In reply to Erik Ohlson, Apr 20, 2012

Erik Ohlson wrote:

Very interesting - and very good noise reduction!

Does anyone know how to do similarly good noise reduction in Photoshop Elements 8 [or PSE4] ?

I am in need of a "Time Machine" - I took a Trip of a Lifetime back in 2005, from which I have posted a number of photo threads on this forum. At the time, digital cameras were not as good as they are now, and to top that off, I pushed my Minolta X-50's ISO higher in order to force the highest possible shutter speed to take pictures from a moving bus from Cuzco to Lake Titicaca, Peru.

Turns out I set it too high. Now I need to "step back in time" to improve the photos that were taken back then. I got some pretty good pictures of rural Peru from the speeding bus, but the noise is very disturbing:

This shot seems to have an oversharpening problem, not a noise problem

Here it is after an attempt to remove the halo's:

Some time ago, I asked a similar question, and a forum member cleaned up this picture [in Juliaca, Peru]:

He made it this good using Noise Ninja:

IMHO, that's a great reduction of noise, and the detail has suffered not at all - if anything, the photo looks sharper

Looking close, there is less detail in the noise reduced version.

The Developer of Ximagic Denoiser also replied, with good info.

So, here I am chiming in on your thread in my continuing search for a Time Machine to go back and turn my old Minolta into a modern Panasonic

I can't very well do the trip again, but the photos can be saved - retroactively!

Hopefully you get to improve those shots of old !

ANAYV

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kkardster
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Re: Time Machine
In reply to ANAYV, Apr 20, 2012

ANAYV wrote:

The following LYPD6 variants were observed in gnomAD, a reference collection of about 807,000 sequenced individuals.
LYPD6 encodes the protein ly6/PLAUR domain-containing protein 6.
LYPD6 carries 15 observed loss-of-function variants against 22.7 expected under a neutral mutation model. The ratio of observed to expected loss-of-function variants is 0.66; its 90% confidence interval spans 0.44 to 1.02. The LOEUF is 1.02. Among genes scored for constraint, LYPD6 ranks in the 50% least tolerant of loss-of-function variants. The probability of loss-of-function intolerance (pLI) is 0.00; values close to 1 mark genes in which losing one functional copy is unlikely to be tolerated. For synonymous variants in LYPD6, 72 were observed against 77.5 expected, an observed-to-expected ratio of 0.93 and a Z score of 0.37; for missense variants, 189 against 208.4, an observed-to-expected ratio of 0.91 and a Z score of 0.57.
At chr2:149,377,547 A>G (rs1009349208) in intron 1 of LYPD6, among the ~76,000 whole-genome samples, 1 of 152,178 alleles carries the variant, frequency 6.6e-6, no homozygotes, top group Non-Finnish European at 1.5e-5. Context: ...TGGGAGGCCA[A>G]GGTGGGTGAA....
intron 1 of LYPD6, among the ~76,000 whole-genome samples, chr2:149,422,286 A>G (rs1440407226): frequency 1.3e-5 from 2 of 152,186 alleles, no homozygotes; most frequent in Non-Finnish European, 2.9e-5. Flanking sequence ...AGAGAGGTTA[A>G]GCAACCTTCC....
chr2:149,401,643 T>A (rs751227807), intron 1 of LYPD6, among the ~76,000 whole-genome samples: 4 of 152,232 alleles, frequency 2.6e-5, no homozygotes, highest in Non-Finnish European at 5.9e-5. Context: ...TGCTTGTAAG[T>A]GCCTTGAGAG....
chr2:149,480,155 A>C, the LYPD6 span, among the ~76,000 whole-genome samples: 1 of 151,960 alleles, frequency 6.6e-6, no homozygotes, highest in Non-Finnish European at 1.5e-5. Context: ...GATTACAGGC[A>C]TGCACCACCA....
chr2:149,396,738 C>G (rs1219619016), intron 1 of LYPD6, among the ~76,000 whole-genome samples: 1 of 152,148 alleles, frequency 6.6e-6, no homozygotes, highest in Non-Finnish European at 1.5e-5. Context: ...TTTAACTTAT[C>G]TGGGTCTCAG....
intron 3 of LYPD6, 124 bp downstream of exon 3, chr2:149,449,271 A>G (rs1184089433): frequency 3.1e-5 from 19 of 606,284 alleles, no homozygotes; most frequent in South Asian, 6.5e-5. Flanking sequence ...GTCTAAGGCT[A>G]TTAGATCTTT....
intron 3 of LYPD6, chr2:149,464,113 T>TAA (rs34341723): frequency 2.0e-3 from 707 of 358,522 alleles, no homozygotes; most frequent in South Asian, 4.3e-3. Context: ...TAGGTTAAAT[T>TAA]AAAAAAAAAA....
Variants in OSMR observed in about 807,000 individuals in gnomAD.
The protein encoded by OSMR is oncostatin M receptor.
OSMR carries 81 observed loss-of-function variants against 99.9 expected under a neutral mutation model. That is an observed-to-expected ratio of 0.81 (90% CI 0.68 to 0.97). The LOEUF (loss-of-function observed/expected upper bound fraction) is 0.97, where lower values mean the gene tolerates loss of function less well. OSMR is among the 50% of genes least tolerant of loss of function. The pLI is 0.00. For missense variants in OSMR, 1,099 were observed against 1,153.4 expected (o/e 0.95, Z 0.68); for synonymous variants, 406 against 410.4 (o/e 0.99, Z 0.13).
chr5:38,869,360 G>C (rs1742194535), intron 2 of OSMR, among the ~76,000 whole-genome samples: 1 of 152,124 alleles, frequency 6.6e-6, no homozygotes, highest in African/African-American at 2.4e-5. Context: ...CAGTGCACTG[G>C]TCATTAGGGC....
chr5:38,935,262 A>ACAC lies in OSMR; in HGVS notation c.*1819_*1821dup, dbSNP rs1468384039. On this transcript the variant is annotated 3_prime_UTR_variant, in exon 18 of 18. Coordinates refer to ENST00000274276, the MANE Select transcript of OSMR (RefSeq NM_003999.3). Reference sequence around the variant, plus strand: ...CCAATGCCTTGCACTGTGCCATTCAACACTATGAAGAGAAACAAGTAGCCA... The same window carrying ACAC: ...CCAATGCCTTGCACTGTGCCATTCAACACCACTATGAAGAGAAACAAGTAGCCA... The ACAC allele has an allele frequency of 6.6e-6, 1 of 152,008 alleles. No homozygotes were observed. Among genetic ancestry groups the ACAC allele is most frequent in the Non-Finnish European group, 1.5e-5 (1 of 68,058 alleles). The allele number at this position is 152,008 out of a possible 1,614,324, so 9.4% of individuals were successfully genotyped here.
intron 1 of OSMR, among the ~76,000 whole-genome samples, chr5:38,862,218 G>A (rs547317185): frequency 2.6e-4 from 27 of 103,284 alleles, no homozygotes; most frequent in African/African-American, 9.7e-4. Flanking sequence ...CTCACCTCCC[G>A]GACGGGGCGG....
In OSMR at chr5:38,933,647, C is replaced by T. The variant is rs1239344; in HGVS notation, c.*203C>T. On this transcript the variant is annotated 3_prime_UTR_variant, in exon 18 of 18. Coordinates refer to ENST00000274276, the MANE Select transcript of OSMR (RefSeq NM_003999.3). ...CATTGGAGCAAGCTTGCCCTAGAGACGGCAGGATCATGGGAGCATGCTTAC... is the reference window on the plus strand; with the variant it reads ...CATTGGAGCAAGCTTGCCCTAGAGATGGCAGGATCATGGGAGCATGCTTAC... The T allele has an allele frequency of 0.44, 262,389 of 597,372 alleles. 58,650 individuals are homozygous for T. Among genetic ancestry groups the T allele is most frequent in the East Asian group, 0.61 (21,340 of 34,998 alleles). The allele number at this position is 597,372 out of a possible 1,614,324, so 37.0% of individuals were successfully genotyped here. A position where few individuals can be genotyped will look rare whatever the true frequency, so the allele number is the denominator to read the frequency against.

Erik Ohlson wrote:

IMHO, that's a great reduction of noise, and the detail has suffered not at all - if anything, the photo looks sharper

Looking close, there is less detail in the noise reduced version

True, you can't create detail that isn't there, but they can be sharper . The point is the noise reduced images are "easier on the eyes" and definitely more enjoyable than the originals.

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VadymA
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Re: Noise reduction experiment
In reply to Ron Tolmie, Apr 20, 2012

Very good. I've tried Topaz DeNoise recently and really like the results I am getting with FZ-150 RAW files (JPEG not so much). The additional benefit of Topaz is a Deblur slider which improves small-sensor images significantly in my opinion. The drawback is duplicated TIFF files (appx 30MB each) that Topaz creates. But I noticed that Aperture adjustments work slightly better with TIFFs than with FZ150 RAW files so I am fine with TIFFs in general. I don't shoot that much anyway to worry about disk space.

Here is a video about Topaz comparison with other noise reduction programs which swayed me into Topaz camp (in case somebody interested).

http://www.youtube.com/watch?v=KSzdM62LHnI

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Humboldt Jim
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Re: Noise reduction experiment
In reply to Ron Tolmie, Apr 20, 2012

Always a compromise, eh Ron? Originally smooth surfaces are very good but fine texture and pattern are lost. in bear's fur and doll's clothing. It all depends on what is important to the image presentation.

HJ

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Detail Man
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Groundhog Day ... All Over Again
In reply to Erik Ohlson, Apr 21, 2012